Fathom Mag
Article

Published on:
May 28, 2018
Read time:
3 min.
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Seen. But Known?

“Is there any more?” I asked my Mom as she heaped macaroni and cheese into three bowls for my sisters and me. 

“Why are you worried about that? We haven’t even started eating!” 

I opened and closed my mouth to respond, then accepted my bowl and sat down on a cracked bar stool around the kitchen island. Hillary sat next to me, her red hair in a wild ponytail, long legs stretching out past denim shorts. A sun-bleached blonde bob framed Olivia’s five-year-old face as she rolled her eyes backwards into her head to make Hillary giggle between bites. 

I wasn’t worried about going to bed hungry. I never had before, and I knew the refrigerator held plenty of food. But I still found myself portioning my noodles into smaller bites to make them last.

As the others finished their food I slowed my own eating more. I tried to think through the food in the pantry I could find on my own. Why couldn’t mom just tell me if there was extra?

I wasn’t worried about going to bed hungry.

I studied my little sisters. Hillary’s giggles grew louder and my eyes darted between Olivia’s funny faces and mom’s expression. I couldn’t decide if I felt more confused by how little they seemed to care if mom corrected them, or by the fact that she hadn’t.

I wanted to set my confusion aside and giggle with Hillary. I wished I were Anne of Green Gables, not Abby. Anne wouldn’t have just sat there wishing. She would have made everyone laugh herself. I could imagine worlds not my own, fancy myself Anne or Jo March or Mary Ingalls, but I couldn’t dream up the plan that would tie me up with the people closest to me. 

Instead I planned to jump off my stool and run upstairs to my fortress. Safety waited behind my closed door. My masterpiece spire of books reached to the ceiling from the floor next to my bed. It towered over my desk. I smiled thinking about it.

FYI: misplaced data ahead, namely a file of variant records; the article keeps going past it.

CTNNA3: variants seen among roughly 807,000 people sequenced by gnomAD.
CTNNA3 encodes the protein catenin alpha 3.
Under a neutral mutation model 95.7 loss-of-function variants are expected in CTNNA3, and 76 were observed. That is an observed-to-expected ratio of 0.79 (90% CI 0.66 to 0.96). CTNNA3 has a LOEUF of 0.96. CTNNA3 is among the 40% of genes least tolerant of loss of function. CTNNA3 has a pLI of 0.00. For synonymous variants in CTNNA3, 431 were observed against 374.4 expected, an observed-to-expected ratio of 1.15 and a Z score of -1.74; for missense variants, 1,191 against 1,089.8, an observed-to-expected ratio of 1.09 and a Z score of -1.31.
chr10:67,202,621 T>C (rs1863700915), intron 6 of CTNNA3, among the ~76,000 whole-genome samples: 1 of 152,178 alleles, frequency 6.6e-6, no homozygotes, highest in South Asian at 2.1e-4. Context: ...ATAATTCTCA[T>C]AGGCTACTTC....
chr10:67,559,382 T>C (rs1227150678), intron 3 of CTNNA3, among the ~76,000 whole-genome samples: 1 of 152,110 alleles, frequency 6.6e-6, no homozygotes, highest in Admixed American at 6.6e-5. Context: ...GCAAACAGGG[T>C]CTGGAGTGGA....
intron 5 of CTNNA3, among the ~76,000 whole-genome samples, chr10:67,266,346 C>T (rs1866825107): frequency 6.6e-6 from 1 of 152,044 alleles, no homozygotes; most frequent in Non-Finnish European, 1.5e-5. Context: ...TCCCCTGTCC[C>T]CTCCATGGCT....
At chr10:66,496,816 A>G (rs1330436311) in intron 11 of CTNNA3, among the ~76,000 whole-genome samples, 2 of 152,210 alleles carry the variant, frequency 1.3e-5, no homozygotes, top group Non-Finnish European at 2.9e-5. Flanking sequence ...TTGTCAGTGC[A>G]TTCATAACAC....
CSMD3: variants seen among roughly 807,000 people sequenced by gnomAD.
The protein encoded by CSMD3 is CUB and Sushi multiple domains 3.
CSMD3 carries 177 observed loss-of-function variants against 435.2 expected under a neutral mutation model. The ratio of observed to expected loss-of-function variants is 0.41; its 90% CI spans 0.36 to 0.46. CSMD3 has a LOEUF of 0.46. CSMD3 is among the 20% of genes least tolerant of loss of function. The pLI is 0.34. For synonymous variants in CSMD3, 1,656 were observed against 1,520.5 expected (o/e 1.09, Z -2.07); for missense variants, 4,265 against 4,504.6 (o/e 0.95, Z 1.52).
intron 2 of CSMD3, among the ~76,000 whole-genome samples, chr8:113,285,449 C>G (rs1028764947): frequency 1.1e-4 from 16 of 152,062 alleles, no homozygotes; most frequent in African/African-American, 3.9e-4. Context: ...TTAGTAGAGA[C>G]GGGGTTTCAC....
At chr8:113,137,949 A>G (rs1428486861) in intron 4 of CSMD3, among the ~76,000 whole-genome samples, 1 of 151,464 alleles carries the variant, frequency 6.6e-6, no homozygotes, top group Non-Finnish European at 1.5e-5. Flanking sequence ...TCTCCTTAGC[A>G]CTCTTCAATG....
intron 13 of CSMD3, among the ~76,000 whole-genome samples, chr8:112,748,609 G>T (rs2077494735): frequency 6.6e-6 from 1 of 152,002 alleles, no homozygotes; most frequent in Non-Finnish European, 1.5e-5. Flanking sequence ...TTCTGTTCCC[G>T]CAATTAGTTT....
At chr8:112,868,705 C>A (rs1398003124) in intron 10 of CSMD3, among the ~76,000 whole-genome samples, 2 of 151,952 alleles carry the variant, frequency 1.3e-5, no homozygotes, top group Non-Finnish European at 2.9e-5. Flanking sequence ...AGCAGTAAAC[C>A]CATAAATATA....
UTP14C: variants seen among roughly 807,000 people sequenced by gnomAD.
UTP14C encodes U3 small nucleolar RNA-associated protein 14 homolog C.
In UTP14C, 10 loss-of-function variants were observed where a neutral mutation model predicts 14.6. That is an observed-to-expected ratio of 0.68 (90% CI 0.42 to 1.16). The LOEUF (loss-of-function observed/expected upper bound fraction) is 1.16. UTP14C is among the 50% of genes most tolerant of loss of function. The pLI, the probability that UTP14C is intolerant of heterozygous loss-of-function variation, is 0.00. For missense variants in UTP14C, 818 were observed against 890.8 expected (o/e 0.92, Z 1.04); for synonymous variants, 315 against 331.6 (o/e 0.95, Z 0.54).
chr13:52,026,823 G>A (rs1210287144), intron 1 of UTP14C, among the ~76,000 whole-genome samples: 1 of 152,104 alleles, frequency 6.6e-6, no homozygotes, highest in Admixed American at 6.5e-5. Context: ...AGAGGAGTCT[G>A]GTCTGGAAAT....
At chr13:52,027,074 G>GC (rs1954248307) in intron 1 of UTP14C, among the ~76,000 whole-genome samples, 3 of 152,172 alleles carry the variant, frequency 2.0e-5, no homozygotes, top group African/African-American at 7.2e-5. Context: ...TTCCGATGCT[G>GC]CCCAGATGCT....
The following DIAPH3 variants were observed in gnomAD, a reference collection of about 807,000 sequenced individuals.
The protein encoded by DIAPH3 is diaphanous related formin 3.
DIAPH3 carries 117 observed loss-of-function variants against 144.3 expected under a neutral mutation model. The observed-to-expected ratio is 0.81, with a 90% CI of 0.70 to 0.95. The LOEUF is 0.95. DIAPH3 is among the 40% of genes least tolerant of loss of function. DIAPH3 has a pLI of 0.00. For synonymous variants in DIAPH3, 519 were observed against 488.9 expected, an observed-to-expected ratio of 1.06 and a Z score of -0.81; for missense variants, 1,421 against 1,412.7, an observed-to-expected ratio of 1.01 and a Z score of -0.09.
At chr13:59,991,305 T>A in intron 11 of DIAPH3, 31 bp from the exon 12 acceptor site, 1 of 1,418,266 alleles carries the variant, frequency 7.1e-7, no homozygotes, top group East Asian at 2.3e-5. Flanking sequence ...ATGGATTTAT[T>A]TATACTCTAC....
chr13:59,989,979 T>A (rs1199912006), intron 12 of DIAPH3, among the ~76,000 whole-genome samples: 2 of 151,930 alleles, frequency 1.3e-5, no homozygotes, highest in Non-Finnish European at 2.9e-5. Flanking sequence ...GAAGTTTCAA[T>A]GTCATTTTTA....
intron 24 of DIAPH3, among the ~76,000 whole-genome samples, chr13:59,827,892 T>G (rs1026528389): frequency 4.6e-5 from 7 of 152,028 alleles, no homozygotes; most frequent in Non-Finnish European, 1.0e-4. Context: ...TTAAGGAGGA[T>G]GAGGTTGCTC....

I managed to stay at the kitchen island, lost in thought but at least present in body. We finished dinner and I retrieved The Witch of Blackbird Pond from my bedroom. I paused at the door, safe within the four walls of my castle. But Anne would go be with her sisters, so I walked back down to the living room. I wanted to lose myself in colonial Connecticut, only with the low hum of my family around me. Maybe if I studied them like I’d studied Anne, I’d figure out how they seem to navigate the world so easily.

I made the effort to come back downstairs. Why did everyone scatter?

I sat in a chair in the corner of our living room and wondered why my presence didn’t automatically draw others to me. I could have stayed in my room, but I didn’t. My sisters retreated to the upstairs gameroom while my mom finished cleaning the kitchen. I made the effort to come back downstairs. Why did everyone scatter?

I read for a while, occasionally glancing up toward the second floor when my sisters’ shenanigans echoed down the stairs, until my mom called for the three of us. We all walked into the master bedroom and flopped onto the bed, watching as she flicked on the clock radio and turned the dial. Our dad’s voice came through the speaker, and our eyes lit up. He may have been the Bible Answer Man to everyone else, but to us, he was our dad who got to be on the radio.

“Before we take our first call, I want to say hi to my daughters,” my dad said. “I love my girls.”

I smiled at my sisters and they smiled back at me. 

“Now,” our dad said, “go to bed.”

My sisters bounced off of the bed, cheerfully reentering whatever world they’d invented after dinner. I felt my cheeks flush as I replayed my dad’s final words in my mind. Why did he always have to tell us to go to bed for the whole world to hear? Now they would all think I didn’t listen to my parents. 

I followed my sisters up the stairs and said goodnight to them as I escaped to my soft-sunshine bedroom. The floral comforter reminded me of Anne’s Avonlea. The vanity counter boasted a mess of hair clips I could never put in correctly, Amy Grant song lyrics scribbled onto Lisa Frank stationary, and last night’s pajamas that seemed clean enough to rewear. I’d told my sisters goodnight, kissed my mom, and listened to my dad over the airwaves. It was just me now, and I walked straight to the cassette player sitting on my bed to press “play.” 

The Adventures in Odyssey story I had stopped when I had to leave for afternoon ballet class began to play. I entered the doors of Whit’s End, the fictional town’s ice cream shop, as I brushed my teeth and slipped beneath the covers. I settled in on my stomach with the right side of my face burrowing into the pillow and Avonlea comforter touching my shoulders. I closed my eyes and reached out my arm, finding the volume dial by touch. I adjust it to the perfect decibel for falling asleep to the story, then slid my hand under the pillow, and imagined my way to sleep.

Abby Perry
Abby Perry is a weekly columnist for Fathom Mag and has written for The Gospel Coalition, Christ and Pop Culture, and Coffee + Crumbs. She currently attends Dallas Theological Seminary and coordinates communications for His Grace Foundation, a nonprofit organization. Abby lives with her husband and their two sons in Texas. You can find Abby at her website and on Twitter @abbyjperry.

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